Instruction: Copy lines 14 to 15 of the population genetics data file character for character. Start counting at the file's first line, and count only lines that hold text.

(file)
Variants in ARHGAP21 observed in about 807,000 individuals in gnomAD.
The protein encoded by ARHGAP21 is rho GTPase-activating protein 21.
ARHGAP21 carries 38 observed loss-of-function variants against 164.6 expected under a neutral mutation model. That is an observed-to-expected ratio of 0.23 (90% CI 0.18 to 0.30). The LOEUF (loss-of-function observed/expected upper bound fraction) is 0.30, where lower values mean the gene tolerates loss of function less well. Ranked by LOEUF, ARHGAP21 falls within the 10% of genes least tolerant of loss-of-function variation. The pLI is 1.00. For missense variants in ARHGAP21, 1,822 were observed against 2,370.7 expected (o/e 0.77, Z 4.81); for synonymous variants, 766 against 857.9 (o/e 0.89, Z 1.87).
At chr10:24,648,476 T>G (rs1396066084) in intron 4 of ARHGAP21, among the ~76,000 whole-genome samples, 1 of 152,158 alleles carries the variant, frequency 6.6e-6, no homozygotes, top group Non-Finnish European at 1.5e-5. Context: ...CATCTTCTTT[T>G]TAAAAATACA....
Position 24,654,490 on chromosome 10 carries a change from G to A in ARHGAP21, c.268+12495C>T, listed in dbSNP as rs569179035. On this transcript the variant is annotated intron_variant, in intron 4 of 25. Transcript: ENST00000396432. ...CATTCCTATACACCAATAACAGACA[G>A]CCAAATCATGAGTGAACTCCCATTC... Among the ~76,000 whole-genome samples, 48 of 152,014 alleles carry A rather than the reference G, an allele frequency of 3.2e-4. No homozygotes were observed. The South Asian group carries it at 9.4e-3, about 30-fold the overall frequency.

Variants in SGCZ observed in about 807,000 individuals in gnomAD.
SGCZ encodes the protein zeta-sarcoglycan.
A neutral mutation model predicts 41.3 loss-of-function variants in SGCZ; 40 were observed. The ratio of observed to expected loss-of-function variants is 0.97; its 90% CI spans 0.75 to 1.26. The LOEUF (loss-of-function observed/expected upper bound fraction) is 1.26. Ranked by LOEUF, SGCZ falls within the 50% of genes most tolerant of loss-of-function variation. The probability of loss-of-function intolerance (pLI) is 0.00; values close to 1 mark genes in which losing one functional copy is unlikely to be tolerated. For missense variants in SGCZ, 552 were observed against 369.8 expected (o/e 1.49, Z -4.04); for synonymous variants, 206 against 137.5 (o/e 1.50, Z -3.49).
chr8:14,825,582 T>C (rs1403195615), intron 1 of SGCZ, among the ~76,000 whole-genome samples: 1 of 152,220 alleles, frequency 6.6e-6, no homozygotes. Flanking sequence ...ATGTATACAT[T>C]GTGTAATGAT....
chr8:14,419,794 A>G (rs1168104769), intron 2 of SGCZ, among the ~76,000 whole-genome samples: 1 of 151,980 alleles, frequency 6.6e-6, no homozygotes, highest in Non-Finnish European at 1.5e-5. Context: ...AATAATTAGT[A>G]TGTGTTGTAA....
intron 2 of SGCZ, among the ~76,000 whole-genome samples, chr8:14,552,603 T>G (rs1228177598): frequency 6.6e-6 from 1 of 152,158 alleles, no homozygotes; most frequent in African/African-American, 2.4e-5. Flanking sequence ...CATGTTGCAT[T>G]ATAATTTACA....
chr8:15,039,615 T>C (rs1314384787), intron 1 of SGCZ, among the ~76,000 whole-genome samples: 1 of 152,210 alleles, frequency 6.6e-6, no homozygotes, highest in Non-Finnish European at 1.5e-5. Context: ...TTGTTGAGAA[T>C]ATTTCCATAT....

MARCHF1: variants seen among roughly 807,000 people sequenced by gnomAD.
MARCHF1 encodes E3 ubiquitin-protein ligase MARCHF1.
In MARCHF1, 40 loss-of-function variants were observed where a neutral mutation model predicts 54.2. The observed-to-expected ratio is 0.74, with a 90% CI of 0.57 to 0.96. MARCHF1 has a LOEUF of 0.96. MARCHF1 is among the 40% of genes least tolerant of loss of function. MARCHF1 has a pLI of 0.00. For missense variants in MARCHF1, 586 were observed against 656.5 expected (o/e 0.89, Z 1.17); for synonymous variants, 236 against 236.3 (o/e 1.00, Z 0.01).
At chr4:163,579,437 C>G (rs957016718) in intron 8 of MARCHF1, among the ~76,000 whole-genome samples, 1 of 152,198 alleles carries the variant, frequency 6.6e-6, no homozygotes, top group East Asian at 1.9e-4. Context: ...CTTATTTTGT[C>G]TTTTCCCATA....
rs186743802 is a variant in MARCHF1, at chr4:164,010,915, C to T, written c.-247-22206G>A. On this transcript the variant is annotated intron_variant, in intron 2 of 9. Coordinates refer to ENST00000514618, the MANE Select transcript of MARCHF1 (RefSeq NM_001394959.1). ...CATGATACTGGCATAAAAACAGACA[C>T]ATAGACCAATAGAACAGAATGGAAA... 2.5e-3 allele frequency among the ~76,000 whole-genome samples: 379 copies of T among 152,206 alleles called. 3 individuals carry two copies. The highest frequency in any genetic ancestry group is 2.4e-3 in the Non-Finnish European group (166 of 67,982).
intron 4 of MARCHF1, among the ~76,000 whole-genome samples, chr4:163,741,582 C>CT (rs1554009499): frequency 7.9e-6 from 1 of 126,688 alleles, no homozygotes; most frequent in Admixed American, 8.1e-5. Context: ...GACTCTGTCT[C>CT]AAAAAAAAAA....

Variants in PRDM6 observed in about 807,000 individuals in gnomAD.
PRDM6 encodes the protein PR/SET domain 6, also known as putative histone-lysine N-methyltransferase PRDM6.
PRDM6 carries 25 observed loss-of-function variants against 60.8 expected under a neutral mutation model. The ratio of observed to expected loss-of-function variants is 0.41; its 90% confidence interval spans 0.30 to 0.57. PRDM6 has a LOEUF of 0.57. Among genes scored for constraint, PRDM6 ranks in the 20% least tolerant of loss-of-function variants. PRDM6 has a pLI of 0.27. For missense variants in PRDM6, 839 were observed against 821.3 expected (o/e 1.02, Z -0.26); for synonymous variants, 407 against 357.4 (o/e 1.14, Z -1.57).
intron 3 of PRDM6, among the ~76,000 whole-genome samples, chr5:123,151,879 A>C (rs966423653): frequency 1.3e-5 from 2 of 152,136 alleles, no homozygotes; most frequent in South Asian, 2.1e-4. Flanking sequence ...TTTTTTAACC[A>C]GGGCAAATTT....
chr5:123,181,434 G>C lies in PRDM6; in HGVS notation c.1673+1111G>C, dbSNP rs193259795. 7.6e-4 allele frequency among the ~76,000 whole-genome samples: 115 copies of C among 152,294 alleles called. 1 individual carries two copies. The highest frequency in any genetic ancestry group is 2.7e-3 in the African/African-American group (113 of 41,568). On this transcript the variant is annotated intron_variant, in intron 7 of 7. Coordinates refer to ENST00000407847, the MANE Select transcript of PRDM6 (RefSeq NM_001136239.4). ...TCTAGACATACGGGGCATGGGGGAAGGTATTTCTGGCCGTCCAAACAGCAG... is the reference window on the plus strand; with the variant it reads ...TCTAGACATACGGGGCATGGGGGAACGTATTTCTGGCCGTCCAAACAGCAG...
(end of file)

MARCHF1 encodes E3 ubiquitin-protein ligase MARCHF1.
In MARCHF1, 40 loss-of-function variants were observed where a neutral mutation model predicts 54.2. The observed-to-expected ratio is 0.74, with a 90% CI of 0.57 to 0.96. MARCHF1 has a LOEUF of 0.96. MARCHF1 is among the 40% of genes least tolerant of loss of function. MARCHF1 has a pLI of 0.00. For missense variants in MARCHF1, 586 were observed against 656.5 expected (o/e 0.89, Z 1.17); for synonymous variants, 236 against 236.3 (o/e 1.00, Z 0.01).